Ryan: Despite my experience, I was still extremely nervous. I felt very discouraged after seeing how talented the competition was. I was surprised at myself when I made it into the top 3. I was definitely not expecting it. I was also very surprised at the amount of support that I had from the exotics at KCON.

Millie: How were the fans this year?

Ryan: I love meeting fans and talking to them. K-Pop fans are always such amazing people and I wish I could be best friends with every single one of them. Personally, I don’t see them as fans. I see them as more than the average fan or admirer.

Millie: What dance covers do you plan on doing in the future?

Ryan: I have been working as hard as I can on dance so that I won’t disappoint my viewers. I love all of EXO’s choreography. I am going to try and learn all of their dances. I am also working on dance covers for BTS, B.A.P., SHINee, and Teen Top.

 ***Picture Credit goes to SDKFM member Catherine Joyce Spence***

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Updated: An Exclusive Interview with Kim Soo-hyun: Secretly, Greatly (with Podcast)

photosessionI felt bad for the theatre staff. AMC Fashion Valley employees were not aware of the enormous popularity of Kim Soo-hyun.

<중앙일보 샌디에이고 특별기자 셰릴 달리의 김수현 인터뷰>

They had no idea that to Korean movie and drama buffs, having Kim Soo-hyun show up was like having Leonardo Dicaprio or Robert Pattinson walk into the theatre for an English speaker. Yes. He’s that popular.

Tickets to the two premier showings sold out fast, leaving many crying into their computers, wishing they’d known sooner. Many of those left out stood outside the doors hoping to catch a glimpse of their favorite Hallyu star as he entered and exited the building. Fortunately, they were not disappointed.

With a poise and humility that belied his young 25 years, Kim Soo-hyun agreed to a brief interview during his fleeting trip through San Diego. Surrounded by a small, competent staff, we sat and spoke. Although he answered in Korean, he understood my English and often began his answers before the translator had to assist.

Cheryl Dawley: So San Diego is very excited to see you! My first question is, which do you like doing better, movies or dramas?

Kim Soo-hyun: I’m still learning about it. I’ve only done 2-3 dramas and 2-3 movies, so I can’t say right now, but I’m in the process of learning.

Cheryl Dawley: But you’re enjoying both?

Kim Soo-hyun: I like the development and the process with my colleagues. I am enjoying the people in this area.

Cheryl Dawley: And are you planning on doing more with your music career as well? I noticed you just released a song.

Kim Soo-hyun: I’m very interested in music, but my priority is acting.

Cheryl Dawley: I know when you worked on Dream High you spent a couple of month with JYP. How was that?

Kim Soo-hyun: During the shooting, I tried to learn dancing and music. At JYP, it was very hard training over there. It was very tough.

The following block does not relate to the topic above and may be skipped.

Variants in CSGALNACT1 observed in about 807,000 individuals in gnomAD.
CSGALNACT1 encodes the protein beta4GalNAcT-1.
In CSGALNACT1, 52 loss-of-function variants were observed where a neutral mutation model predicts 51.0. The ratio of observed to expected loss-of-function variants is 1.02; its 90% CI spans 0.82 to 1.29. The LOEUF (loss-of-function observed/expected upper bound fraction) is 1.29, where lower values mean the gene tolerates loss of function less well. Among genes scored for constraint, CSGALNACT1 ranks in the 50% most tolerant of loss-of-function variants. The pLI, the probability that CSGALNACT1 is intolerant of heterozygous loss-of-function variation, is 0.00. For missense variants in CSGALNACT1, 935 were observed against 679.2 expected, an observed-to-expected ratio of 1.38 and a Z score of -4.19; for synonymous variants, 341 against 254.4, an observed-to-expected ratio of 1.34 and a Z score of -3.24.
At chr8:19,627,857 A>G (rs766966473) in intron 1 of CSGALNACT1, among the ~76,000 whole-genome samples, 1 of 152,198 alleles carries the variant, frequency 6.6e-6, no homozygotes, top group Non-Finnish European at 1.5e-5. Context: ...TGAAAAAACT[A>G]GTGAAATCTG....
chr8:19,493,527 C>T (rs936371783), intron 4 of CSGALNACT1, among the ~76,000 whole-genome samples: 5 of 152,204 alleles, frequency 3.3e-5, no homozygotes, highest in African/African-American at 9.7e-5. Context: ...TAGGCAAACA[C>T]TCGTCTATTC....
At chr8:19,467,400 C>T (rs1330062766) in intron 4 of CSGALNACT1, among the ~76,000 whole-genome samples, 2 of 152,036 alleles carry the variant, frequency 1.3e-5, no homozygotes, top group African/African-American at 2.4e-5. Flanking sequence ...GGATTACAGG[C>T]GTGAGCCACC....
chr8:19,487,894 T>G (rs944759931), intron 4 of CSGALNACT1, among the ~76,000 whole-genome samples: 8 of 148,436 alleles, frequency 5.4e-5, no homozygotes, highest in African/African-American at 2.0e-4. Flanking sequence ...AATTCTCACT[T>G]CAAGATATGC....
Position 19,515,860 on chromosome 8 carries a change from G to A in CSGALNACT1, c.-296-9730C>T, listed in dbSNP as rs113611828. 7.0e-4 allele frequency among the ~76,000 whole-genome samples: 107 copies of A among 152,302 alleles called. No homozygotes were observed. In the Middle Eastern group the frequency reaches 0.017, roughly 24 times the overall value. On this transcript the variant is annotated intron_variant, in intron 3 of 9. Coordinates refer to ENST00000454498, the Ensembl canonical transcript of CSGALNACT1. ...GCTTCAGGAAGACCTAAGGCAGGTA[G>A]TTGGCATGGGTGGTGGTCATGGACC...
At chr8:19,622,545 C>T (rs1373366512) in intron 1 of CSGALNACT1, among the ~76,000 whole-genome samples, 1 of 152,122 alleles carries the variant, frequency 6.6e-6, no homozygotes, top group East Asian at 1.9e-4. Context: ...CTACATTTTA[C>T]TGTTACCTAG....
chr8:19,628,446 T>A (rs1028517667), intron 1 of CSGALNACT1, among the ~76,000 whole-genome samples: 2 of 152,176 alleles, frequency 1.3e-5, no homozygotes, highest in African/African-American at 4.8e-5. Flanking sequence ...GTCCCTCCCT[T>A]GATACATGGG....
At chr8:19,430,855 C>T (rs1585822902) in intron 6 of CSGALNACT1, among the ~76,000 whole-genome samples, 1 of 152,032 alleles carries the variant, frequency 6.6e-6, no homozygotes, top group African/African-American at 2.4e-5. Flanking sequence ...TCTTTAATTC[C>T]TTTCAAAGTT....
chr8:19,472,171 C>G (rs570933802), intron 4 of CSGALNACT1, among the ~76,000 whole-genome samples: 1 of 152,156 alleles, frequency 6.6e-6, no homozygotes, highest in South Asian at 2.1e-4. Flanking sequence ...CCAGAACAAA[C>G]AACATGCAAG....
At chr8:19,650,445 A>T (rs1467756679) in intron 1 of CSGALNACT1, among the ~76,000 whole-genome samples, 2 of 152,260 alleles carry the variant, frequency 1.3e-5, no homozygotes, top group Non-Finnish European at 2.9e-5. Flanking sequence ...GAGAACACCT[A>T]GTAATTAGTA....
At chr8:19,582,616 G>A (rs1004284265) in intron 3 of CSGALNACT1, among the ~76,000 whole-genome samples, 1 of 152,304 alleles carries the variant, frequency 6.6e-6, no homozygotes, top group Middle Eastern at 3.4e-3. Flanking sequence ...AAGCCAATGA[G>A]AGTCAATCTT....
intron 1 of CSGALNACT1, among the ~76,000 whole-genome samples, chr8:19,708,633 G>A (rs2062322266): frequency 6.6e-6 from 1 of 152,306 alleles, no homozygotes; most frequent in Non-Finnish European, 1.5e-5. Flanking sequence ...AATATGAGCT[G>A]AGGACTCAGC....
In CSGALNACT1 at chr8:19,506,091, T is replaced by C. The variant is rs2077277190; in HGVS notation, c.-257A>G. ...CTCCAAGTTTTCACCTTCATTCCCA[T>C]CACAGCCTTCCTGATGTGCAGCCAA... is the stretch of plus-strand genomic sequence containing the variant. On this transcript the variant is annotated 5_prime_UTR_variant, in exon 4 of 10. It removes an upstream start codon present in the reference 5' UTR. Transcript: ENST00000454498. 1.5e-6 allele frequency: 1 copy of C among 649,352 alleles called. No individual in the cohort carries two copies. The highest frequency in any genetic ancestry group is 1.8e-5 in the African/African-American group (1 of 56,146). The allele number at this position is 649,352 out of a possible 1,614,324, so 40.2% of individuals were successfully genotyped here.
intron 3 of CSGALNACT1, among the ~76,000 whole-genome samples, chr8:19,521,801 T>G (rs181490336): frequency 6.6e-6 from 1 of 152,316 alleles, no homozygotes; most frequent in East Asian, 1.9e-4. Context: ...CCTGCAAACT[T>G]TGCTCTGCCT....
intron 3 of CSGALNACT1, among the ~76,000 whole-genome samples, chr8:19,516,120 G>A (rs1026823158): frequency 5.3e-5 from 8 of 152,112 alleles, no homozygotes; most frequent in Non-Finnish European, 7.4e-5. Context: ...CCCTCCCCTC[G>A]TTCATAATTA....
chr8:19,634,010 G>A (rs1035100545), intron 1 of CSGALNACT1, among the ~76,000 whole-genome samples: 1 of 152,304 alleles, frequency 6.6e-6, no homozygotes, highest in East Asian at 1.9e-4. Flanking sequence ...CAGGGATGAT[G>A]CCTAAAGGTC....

Cheryl Dawley: So what’s the hardest part of your job?

Kim Soo-hyun: Self development. It’s a process of growing up. Sometimes I get lonely and people can be very harsh to me.

Cheryl Dawley: What do you love best about being an actor?

Kim Soo-hyun: I respect Christoph Waltz. But I like acting. It’s like singing. It’s what I like best.

Cheryl Dawley: Can you say “Hello KKonnect” for the KKonnect fans?

Kim Soo-hyun: “Hello KKonnect!”

Time ran out and we had to wrap up.

But there were more to come waiting as he made his way into the theatre to greet his cheering fans. Although the meet-and-greet was conducted in Korean, even the English speaking fans were entranced.

crowd surgeThe bridesmaids outside were not disappointed either. They waited patiently for Kim Soo-hyun to emerge, and were greeted with his wide smile as he made his way through the crowd.

 

Note: Audio content coming soon! Check back!

Also check out the KKonnect Facebook page for more photos!

https://www.facebook.com/kkonnectmedia

An-nyung America!

<<An-nyung America!

Two students from Korea spend their last year at UCSD’s I-House. They share their most memorable moments. 

UCSD의 글로벌빌리지 I-House에서 지난 일년을 보낸 한국 유학생들의 유학후기>>

 

by Jacklin Lee

 

There is no doubt that the United States is a melting pot of different people from all over the world. UC San Diego is no exception when it comes to contributing to this giant jigsaw puzzle of different ethnicities and nationalities. It is is home to hundreds of international students every year and most of them reside at I-House: International House. Being an ambassador at the I-House, I was able to meet incoming and outgoing international students from more than thirty countries. Today I share with you an interview with two Yonsei University students who spent the last year at I-House. 

 

Jacklin: What did you like about San Diego or the United States?

Sunny: I liked a lot of things! People are laid back here – I think people in La Jolla even more so. They like to relax and enjoy their time. In Korea, it is the opposite most of the time. They are constantly preoccupied worrying about money, success, children, and the future. I like how here, parents and adults have their own lives and are not consumed by taking care and babysitting their children twenty-four hours a day. Plus, unlike Korea, people are not constantly rushing each other!